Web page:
The light is about to return, but not before it becomes the darkest it's been all year. This is one of my family's favorite times of celebration, because we gather around the fire with connectedness and intention together to honor each other, and to release the old and greet what's new.
Here are some ways you might consider honoring the darkness and welcoming back the light:
Write the old aspects which are ready to be released on slips of paper and burn in your fire or bury in the Earth (seeded paper works beautifully for this, and brings flowers in Spring-learn how to make it right here).
Release regrets and resentments into the darkness and the fire for transformation and forgiveness.
Wear white or gold in honor of the Snow Queen: for renewal, peace, and any new promises you're making.
Sit in the quiet darkness and recall the times in your life when time spent in the dark and cave-like womb has given birth to lightness and ease.
Light candles while making a promise to yourself, your family, your community and to the world for the coming year.
Read or share your favorite poetry or writings which have been the most transformational or uplifting for you. Post a copy to carry you through the year.
Build an outdoor fire (where permitted) and gather around for storytelling, warm drinks, and marshmallow toasting.Singing Here Comes the Sun and You Are My Sunshine (my kids love this!)
Decorate with tiny stars or wait until Solstice to place the star on the top of your Christmas tree.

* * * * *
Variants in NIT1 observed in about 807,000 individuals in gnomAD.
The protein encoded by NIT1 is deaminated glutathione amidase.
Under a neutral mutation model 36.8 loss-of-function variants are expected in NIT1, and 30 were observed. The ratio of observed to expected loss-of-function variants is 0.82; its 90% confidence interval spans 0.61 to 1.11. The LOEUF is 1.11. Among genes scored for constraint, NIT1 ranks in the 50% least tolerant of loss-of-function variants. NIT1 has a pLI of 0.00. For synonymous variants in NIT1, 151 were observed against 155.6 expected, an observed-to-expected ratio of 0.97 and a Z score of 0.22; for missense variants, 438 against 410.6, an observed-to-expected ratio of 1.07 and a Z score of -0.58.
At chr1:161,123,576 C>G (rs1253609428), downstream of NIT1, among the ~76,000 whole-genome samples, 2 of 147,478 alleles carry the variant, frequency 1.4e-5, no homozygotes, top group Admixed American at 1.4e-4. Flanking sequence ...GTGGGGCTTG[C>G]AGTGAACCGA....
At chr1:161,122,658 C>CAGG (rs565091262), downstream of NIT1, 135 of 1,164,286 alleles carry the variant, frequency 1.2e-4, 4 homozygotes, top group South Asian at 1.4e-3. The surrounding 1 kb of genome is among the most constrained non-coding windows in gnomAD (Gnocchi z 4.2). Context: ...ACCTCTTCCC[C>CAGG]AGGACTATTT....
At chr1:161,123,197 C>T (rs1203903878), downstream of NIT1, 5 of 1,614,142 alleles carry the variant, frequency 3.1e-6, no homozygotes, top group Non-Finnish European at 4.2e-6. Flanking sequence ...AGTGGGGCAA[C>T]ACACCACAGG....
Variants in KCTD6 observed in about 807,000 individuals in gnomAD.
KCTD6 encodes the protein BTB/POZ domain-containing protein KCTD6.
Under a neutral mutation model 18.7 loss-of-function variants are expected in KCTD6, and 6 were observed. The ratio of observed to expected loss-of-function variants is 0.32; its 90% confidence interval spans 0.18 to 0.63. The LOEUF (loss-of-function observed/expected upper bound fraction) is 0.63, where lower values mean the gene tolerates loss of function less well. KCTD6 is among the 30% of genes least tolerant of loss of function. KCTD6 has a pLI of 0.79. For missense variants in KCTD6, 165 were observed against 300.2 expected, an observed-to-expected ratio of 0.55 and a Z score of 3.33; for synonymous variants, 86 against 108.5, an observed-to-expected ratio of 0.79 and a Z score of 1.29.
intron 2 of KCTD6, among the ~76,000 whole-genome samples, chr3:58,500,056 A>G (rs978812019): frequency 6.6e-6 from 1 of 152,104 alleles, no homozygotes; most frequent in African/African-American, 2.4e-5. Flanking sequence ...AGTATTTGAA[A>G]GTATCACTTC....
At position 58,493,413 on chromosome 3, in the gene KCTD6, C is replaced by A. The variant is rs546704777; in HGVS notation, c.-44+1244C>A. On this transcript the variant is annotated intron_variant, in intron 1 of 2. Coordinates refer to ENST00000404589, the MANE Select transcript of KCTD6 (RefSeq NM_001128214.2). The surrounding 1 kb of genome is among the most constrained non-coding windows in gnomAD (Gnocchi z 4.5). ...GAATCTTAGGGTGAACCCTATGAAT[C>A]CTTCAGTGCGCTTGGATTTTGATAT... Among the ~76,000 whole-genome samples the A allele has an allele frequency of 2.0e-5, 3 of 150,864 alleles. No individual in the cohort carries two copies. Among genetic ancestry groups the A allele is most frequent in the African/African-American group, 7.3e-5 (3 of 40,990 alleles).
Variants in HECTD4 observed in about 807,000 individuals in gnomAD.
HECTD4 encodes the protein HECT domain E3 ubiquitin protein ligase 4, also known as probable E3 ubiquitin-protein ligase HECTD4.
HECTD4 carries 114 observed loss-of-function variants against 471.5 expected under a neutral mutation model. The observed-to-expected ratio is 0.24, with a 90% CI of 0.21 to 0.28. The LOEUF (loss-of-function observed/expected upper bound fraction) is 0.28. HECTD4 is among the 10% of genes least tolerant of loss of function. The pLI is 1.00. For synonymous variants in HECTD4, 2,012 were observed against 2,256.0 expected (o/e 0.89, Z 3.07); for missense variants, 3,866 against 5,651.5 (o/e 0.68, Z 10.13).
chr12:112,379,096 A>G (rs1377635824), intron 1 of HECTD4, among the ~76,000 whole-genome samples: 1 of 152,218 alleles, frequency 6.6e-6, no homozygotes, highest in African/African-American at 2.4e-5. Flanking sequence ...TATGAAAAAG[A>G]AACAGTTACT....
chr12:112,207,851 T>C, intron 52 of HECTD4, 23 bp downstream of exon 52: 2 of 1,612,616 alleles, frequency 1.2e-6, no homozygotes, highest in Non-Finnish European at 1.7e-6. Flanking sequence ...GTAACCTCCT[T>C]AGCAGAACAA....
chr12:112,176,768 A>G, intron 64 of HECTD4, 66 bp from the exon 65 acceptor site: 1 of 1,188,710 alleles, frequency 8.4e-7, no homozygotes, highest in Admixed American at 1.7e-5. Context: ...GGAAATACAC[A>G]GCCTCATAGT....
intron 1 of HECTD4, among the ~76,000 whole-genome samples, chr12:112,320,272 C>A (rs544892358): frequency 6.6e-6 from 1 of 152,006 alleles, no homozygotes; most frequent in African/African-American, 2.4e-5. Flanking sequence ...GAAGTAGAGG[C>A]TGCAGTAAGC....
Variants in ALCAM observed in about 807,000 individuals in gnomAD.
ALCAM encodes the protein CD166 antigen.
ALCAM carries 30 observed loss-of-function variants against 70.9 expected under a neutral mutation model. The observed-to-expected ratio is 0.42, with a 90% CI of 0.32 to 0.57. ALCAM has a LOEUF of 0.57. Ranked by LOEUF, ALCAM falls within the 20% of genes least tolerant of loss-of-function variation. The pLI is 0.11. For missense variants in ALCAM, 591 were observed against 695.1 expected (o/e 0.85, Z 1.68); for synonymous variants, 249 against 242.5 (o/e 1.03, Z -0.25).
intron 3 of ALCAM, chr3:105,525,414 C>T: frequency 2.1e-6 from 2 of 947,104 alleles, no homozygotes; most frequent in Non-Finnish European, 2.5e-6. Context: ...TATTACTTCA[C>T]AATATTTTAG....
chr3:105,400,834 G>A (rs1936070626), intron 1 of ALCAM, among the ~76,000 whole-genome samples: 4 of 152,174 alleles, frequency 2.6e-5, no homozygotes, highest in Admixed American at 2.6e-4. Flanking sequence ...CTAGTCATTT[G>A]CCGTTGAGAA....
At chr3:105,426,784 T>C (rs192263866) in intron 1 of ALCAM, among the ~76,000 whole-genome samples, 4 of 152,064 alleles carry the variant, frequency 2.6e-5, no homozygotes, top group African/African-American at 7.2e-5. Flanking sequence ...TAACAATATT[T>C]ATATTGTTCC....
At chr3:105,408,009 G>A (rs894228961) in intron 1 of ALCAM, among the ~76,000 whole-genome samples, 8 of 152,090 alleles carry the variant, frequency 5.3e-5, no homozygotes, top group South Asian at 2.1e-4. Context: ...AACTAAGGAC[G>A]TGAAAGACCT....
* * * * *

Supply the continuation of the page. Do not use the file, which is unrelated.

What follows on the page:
Bring greenery indoors, such as evergreen, holly, bay, laurel, rosemary or your favorite herbs to put around your table and your candles.
Plant a tree or nurture a potted tree that you will plant after the thaw. Hang tiny wishes from the branches.
Feast with your family and put a spirit plate outside under a tree with an tiny bit of each item from your table as an offering and an honoring for new beginnings.
Make a sun cake, or corn cakes, which are a beautiful spirit plate offering, and yummy, too.
I make my corn cakes relatively simply, and this recipe is capital B basic. Add ricotta, tomatoes, herbs, onions, cheese, squash, black beans or pumpkin, and make them your own.
1 1/2 c cornmeal
1/2 c cooked corn kernels (I've also used canned and raw and I like both, but raw rules)
1 1/2 tsp baking powder
1/2 tsp sea salt
1 c milk (or milk substitute, including water)
5 tbs sunflower oil (or meat drippings as the old ones did)
Combine dry ingredients, then add milk and 3 tbs of oil. Coat a cast iron pan with the remaining oil, turn flame up to medium, and spoon drops of batter onto it. Fry up like little pancakes.
Serve savory, with cilantro and sour cream or with butter and honey for a sweetie.
Remember to honor yourself, each other, and the miracle of life!